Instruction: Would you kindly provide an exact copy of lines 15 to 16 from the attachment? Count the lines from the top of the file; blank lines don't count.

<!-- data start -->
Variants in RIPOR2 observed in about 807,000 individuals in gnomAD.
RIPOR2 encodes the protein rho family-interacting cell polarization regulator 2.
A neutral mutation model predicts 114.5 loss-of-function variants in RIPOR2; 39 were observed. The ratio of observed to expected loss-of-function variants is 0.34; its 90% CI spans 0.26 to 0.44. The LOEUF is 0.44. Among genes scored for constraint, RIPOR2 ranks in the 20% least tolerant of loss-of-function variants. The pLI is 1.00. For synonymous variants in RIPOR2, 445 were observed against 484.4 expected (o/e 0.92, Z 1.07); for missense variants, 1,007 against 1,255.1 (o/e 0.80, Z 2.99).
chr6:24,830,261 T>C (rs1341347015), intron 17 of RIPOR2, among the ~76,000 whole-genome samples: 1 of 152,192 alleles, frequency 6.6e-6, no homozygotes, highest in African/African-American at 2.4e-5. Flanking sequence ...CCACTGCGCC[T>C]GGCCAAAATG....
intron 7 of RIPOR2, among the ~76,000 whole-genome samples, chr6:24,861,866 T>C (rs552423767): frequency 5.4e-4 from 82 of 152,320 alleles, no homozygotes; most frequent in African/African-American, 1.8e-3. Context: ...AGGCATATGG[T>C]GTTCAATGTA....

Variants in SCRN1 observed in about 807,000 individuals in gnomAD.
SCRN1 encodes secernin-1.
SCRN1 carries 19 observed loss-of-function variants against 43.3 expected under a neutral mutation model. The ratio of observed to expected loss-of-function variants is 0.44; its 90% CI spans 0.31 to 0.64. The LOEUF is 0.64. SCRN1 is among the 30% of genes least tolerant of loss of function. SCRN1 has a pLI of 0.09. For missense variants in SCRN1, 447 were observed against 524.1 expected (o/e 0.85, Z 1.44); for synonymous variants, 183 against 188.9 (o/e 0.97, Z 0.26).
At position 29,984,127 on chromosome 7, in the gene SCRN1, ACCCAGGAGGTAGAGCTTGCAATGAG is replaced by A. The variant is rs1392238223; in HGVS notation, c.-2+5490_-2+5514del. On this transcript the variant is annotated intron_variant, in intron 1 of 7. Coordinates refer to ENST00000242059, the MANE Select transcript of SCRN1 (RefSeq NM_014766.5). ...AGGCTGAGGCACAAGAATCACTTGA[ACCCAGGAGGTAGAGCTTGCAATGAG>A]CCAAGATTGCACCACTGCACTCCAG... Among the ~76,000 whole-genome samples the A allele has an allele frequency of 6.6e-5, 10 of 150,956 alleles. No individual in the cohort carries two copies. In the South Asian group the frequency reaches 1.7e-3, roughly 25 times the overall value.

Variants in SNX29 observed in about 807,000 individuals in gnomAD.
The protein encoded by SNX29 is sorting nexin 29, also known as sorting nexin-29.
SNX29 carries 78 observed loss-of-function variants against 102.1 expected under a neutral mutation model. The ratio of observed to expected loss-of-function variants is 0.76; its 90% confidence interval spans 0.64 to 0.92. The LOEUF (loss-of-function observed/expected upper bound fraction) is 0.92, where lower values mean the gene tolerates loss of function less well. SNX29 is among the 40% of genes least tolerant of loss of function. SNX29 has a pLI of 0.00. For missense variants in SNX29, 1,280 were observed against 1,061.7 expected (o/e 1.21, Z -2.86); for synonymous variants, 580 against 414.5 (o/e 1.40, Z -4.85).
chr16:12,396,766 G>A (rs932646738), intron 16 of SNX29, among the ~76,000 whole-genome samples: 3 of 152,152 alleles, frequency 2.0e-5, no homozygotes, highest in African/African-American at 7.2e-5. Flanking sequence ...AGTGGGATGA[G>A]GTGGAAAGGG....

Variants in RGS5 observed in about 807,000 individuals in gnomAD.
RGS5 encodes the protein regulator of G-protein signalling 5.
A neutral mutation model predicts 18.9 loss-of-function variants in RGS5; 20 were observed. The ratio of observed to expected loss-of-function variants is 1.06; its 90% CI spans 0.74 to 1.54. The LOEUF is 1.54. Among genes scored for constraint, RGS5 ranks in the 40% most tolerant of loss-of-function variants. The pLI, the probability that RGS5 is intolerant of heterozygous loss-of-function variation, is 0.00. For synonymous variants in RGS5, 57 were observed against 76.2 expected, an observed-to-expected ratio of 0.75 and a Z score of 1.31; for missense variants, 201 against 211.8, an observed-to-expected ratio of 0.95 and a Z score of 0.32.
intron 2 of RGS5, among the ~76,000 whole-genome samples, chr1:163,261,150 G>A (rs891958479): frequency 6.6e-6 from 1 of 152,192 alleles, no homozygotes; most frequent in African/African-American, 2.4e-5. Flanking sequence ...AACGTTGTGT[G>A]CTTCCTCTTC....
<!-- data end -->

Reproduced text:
RGS5 encodes the protein regulator of G-protein signalling 5.
A neutral mutation model predicts 18.9 loss-of-function variants in RGS5; 20 were observed. The ratio of observed to expected loss-of-function variants is 1.06; its 90% CI spans 0.74 to 1.54. The LOEUF is 1.54. Among genes scored for constraint, RGS5 ranks in the 40% most tolerant of loss-of-function variants. The pLI, the probability that RGS5 is intolerant of heterozygous loss-of-function variation, is 0.00. For synonymous variants in RGS5, 57 were observed against 76.2 expected, an observed-to-expected ratio of 0.75 and a Z score of 1.31; for missense variants, 201 against 211.8, an observed-to-expected ratio of 0.95 and a Z score of 0.32.